Obamacare and Health Insurance

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The current healthcare crisis is a major topic of discussion in America today. At first glance, mandatory healthcare looks like it would be advantageous for everyone, but is it worth what cost to the American people? To answer that, we must look closely at what mandatory healthcare means and where the funding comes from to pay for it. In 2010, former President Barack Obama implemented the Affordable Care Act, or Obamacare, greatly impacting modern healthcare insurance. In Obama’s 2009 speech to Congress about his healthcare plan, he addressed the three fundamental goals of the ACA “It will provide more security and stability to those who have health insurance. It will provide insurance to those who don’t. And it will slow the growth of healthcare costs for our families, our businesses, and our government.” -Barack Obama.

To put Obamacare simply, it requires that all adult Americans either get insurance or pay a tax. The first intention of this law was to make health insurance available to a greater sum of people. According to Healthcare.gov, an online insurance marketplace ran by the federal government, the law expanded health insurance coverage by expanding Medicaid, an insurance program that provides affordable coverage those in need. The law accomplishes the expansion by providing the poor with subsidies, money granted by the government. By doing this, those below the federal poverty level can afford health insurance on Obamacare’s insurance exchanges. Unfortunately, healthcare is not free. The subsidies have to be financed from somewhere.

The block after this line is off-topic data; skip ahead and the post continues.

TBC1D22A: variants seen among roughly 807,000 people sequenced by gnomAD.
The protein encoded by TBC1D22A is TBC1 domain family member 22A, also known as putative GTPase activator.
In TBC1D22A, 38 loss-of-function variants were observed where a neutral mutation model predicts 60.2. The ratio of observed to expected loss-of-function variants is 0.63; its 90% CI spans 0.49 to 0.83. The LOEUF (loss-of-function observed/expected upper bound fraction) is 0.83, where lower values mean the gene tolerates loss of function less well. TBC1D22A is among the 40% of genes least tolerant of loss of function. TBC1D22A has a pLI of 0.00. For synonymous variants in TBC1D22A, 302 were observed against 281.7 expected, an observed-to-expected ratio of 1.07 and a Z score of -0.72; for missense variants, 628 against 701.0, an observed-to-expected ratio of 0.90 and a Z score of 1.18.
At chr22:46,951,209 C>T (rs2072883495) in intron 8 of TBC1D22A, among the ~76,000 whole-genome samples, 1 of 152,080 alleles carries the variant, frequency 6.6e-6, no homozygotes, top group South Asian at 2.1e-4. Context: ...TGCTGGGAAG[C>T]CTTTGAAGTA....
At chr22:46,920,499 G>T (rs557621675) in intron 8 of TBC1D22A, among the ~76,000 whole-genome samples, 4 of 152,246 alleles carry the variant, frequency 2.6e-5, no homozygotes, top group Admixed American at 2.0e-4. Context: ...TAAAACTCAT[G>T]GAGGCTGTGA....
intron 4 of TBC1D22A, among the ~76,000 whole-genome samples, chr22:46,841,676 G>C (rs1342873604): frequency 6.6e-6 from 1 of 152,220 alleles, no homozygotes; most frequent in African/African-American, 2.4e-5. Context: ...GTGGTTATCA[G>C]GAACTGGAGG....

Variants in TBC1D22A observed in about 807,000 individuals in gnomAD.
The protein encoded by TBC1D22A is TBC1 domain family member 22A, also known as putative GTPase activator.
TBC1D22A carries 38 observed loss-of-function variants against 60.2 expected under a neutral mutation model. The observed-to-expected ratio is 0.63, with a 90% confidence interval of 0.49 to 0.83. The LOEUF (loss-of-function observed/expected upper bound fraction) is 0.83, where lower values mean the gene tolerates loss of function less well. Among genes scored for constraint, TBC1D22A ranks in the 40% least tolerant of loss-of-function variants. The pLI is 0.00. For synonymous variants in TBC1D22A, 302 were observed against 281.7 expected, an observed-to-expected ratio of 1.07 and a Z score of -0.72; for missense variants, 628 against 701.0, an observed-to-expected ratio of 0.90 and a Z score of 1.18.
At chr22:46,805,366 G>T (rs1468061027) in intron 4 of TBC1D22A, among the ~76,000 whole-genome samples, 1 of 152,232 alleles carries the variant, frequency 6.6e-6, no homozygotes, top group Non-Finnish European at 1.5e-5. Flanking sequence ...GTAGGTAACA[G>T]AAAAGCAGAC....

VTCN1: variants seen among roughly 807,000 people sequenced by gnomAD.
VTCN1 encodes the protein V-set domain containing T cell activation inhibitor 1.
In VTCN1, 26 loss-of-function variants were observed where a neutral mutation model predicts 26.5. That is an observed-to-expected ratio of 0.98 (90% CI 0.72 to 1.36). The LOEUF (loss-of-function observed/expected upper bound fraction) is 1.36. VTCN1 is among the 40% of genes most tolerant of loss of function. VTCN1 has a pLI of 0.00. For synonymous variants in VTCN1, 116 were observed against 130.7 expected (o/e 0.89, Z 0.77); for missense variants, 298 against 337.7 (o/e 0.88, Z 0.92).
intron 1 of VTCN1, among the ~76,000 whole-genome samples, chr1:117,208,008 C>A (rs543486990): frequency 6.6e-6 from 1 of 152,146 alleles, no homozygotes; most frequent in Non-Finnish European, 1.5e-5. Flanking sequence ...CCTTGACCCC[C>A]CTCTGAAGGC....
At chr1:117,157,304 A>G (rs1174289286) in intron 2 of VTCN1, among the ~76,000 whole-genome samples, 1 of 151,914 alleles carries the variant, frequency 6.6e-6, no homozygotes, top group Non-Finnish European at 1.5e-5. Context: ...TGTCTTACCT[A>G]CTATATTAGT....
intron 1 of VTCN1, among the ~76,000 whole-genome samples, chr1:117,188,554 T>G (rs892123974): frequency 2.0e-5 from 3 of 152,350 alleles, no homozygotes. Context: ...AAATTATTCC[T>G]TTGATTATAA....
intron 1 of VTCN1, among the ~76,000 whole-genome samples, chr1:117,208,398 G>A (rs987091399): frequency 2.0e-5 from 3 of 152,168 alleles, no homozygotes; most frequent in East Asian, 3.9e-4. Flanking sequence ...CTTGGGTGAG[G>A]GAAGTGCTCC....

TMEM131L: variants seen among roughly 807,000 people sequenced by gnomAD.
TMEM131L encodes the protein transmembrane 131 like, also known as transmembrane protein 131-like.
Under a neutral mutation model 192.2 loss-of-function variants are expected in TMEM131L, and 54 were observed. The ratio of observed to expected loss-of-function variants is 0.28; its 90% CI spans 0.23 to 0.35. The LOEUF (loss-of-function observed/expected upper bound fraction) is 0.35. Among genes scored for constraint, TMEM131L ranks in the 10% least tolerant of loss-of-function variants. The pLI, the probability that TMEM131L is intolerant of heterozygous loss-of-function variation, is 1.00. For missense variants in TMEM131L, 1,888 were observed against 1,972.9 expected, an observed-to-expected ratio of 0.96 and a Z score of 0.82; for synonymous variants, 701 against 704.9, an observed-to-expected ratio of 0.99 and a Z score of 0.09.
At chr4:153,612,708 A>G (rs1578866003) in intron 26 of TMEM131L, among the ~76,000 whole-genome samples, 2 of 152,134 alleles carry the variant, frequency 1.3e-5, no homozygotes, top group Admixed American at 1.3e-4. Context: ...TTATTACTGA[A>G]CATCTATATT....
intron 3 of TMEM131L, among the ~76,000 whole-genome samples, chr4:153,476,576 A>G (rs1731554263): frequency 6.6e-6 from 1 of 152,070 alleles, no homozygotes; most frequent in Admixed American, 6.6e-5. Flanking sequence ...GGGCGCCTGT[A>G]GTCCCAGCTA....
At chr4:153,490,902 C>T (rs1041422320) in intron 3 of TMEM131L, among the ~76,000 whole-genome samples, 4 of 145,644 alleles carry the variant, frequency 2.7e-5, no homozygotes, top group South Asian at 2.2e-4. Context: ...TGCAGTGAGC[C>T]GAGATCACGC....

So where do these subsidies come from? According to the Kaiser Family Foundation, an American non-profit organization that focuses on healthcare issues facing the nation, subsidies are paid for by higher taxes on health care providers and higher income families. Funding is also provided by lower reimbursement rates to providers from federally funded plans. When providers receive lower reimbursement rates for their services from federal programs such as Medicaid and Medicare, they have to compensate for their losses by charging higher rates to private insurance companies. In return, the private insurance companies have to compensate for their higher costs by charging higher insurance premiums to the individuals they provide coverage to.

The Henry J. Kaiser Family Foundation is an American non-profit organization that focuses on major healthcare issues facing the United States.states that because most companies help pay for insurance premiums as part of the employee benefit, the cost of providing insurance to their employees has gone up as well. This has resulted in many companies limiting the amount of full time employees they keep and changing many positions to part time. These part time employees are now making far less money and having to subsidize their insurance with federal subsidies to pay for their mandated health insurance. The Kaiser Family is also known for having the most up-to-date and accurate information on health policy. KFF conducted a survey on health insurance premiums. In 2017, the cost of average family coverage premiums reached $18,764, a three percent increase from 2015.